The answer goes to the heart of the reason why Silicon Valley has lost the public trust of tens of millions of Americans. They know the rules are malleable. They know double standards apply. And they know that the campus-censorship culture is being imported online.
On campus (and increasingly also on social media), far-right anger and attacks are deemed dangerous and abusive. Far-left anger and attacks are instead deemed expressions of righteous outrage. Maliciously racialized far-right language is seen as evidence of white supremacy and white nationalism. Maliciously racialized far-left language is perceived as an attack on the privileged and powerful.
The result is that hate-speech policies exist not as easily interpreted, uniformly applied rules that provide all users fair notice of the conditions for using the platforms, but rather as subjectively interpreted, selectively applied weapons to wield on behalf of favored ideas and individuals. The result is that some people are more exposed to abuse than others because those people are deemed less worthy of protection.
Twitter will move to protect a U.S. congresswoman like Ilhan Omar — a highly visible public figure with a huge platform — from attacks on her faith, but it will not lift a finger to protect an unknown elderly woman from becoming an object of hate and derision on the basis of her age, race, or faith. How does this make any rational sense?
As a matter of principle (private companies enjoy the blessings of liberty) and pragmatism (social media is unlikely to improve under the watchful eye of, say, President Kamala Harris), I oppose government efforts to regulate social-media speech policies. But publicly exposing inconsistency and hypocrisy lays the groundwork for a market correction. The most powerful check on social media remains the user base; the companies’ economic models depend not just on user loyalty but also user growth.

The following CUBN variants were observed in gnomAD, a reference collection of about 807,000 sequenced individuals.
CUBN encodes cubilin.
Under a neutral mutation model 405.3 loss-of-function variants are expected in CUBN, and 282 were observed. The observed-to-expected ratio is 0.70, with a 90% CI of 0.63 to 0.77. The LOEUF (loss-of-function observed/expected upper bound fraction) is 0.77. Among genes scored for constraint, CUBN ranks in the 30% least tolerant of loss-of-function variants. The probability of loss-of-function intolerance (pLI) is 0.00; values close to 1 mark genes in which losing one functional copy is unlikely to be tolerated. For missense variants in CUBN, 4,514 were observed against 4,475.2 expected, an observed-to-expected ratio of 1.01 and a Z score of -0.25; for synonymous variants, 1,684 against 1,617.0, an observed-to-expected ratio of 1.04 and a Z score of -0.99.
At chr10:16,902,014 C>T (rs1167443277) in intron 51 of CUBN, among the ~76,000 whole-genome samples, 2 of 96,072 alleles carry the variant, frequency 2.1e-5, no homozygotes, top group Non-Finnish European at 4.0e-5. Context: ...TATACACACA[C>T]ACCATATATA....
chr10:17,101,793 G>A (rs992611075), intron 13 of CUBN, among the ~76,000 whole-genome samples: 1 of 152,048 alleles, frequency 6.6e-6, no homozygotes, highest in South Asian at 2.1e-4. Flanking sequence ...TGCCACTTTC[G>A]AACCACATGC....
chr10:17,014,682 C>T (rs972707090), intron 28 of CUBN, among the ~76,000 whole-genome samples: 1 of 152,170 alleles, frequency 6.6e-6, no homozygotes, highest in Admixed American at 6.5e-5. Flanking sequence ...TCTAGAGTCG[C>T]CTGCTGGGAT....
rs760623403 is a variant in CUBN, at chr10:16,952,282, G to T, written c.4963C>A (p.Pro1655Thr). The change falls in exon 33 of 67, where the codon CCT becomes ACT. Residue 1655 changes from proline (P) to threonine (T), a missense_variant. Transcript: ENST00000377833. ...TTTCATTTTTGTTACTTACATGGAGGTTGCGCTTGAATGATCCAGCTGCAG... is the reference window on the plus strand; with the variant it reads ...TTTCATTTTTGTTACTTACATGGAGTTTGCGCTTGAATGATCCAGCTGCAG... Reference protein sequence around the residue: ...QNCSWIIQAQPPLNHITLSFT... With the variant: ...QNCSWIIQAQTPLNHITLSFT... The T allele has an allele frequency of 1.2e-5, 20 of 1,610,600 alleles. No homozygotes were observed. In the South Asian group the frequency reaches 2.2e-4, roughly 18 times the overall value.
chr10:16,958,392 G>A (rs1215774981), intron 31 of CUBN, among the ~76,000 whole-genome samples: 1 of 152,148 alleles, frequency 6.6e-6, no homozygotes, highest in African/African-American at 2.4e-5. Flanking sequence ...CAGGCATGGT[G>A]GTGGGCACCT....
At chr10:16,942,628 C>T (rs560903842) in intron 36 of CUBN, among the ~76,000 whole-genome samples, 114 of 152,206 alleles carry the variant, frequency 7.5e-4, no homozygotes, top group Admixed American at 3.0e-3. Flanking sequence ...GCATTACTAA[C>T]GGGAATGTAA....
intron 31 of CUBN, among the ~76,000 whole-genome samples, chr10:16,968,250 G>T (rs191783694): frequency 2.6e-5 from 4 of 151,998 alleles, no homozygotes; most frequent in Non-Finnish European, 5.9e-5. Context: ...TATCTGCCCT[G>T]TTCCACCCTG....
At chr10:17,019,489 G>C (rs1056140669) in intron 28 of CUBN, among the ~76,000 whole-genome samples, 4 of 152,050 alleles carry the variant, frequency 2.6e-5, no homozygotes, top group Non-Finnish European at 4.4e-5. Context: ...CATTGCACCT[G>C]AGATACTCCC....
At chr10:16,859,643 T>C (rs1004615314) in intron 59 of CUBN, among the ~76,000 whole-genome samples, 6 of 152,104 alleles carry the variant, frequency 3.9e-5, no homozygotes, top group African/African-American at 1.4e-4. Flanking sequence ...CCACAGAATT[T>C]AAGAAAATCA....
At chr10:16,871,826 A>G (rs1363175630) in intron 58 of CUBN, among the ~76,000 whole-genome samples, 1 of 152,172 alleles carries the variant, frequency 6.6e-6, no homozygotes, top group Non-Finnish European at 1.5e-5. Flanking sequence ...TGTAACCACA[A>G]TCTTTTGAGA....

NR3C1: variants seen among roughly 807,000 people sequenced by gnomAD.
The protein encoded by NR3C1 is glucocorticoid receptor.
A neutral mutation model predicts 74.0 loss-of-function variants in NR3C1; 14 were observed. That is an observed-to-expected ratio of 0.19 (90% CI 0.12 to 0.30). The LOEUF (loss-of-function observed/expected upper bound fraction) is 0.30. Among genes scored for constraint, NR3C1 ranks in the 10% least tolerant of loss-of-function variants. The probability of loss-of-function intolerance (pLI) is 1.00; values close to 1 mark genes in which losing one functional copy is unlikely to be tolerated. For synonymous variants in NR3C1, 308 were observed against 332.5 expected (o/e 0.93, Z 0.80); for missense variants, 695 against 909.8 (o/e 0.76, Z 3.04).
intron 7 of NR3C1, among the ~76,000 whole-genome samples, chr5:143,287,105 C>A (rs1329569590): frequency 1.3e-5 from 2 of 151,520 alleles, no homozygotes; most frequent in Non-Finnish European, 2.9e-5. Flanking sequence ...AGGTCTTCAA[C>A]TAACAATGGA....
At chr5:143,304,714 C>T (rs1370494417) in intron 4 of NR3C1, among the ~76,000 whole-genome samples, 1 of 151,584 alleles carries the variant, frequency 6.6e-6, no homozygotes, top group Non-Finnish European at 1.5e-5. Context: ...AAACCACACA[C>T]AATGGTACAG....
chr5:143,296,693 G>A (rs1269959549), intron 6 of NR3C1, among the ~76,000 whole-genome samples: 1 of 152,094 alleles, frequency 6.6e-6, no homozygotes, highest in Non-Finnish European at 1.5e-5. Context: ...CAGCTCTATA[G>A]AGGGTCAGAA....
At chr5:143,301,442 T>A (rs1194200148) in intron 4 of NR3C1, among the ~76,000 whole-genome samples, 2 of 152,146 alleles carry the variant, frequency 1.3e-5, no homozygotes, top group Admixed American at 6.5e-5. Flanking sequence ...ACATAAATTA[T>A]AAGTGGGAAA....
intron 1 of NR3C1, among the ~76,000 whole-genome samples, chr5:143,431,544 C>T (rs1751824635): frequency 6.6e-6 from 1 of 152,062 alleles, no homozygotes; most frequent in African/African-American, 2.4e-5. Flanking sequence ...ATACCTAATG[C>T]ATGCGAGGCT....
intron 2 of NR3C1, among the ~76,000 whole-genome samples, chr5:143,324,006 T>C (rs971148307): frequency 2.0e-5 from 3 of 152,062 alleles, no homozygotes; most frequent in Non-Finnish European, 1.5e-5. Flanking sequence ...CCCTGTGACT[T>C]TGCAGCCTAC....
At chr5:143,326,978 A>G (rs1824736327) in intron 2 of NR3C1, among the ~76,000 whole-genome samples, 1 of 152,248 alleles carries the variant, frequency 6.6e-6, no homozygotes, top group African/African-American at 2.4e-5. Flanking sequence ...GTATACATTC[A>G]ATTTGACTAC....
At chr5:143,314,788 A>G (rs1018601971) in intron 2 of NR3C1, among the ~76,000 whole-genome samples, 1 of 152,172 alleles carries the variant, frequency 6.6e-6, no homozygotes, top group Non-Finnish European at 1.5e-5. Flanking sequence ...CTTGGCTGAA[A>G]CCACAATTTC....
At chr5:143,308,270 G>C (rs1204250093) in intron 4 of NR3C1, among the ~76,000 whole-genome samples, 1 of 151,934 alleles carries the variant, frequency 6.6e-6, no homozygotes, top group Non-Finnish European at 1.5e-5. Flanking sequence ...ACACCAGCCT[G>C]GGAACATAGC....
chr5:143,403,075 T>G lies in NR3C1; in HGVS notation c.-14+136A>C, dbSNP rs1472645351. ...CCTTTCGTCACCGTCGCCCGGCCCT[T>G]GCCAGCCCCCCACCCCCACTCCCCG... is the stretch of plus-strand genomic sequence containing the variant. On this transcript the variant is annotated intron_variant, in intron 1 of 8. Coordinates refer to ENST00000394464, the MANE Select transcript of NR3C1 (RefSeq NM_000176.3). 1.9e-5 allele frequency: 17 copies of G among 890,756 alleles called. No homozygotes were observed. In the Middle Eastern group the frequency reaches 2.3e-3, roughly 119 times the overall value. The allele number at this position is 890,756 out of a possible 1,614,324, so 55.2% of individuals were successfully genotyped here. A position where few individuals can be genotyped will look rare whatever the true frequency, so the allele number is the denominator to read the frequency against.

I have long argued that social-media companies should voluntarily adopt First Amendment–based speech policies. A First Amendment analysis does not mean “anything goes,” but it does mean that rules and regulations restricting speech must be viewpoint-neutral. Harassment, incitement, invasion of privacy, and intentional infliction of emotional distress are speech limitations with viewpoint-neutral definitions, and one of the fastest ways to violate the First Amendment is with selective enforcement even of viewpoint-neutral rules.
The great value of viewpoint neutrality is that it comports with our sense of fundamental fairness. It hearkens back to the image of the blindfolded Lady Justice, holding her scales, indifferent to the power or privilege of her petitioners. Twitter and Facebook have removed the blindfold, thrown away the scales, and chosen to wield only the sword. It’s the weapon of social justice, and when it’s wielded against a lone, brave woman on a Philadelphia sidewalk, it’s an instrument of bias, abuse, and hate.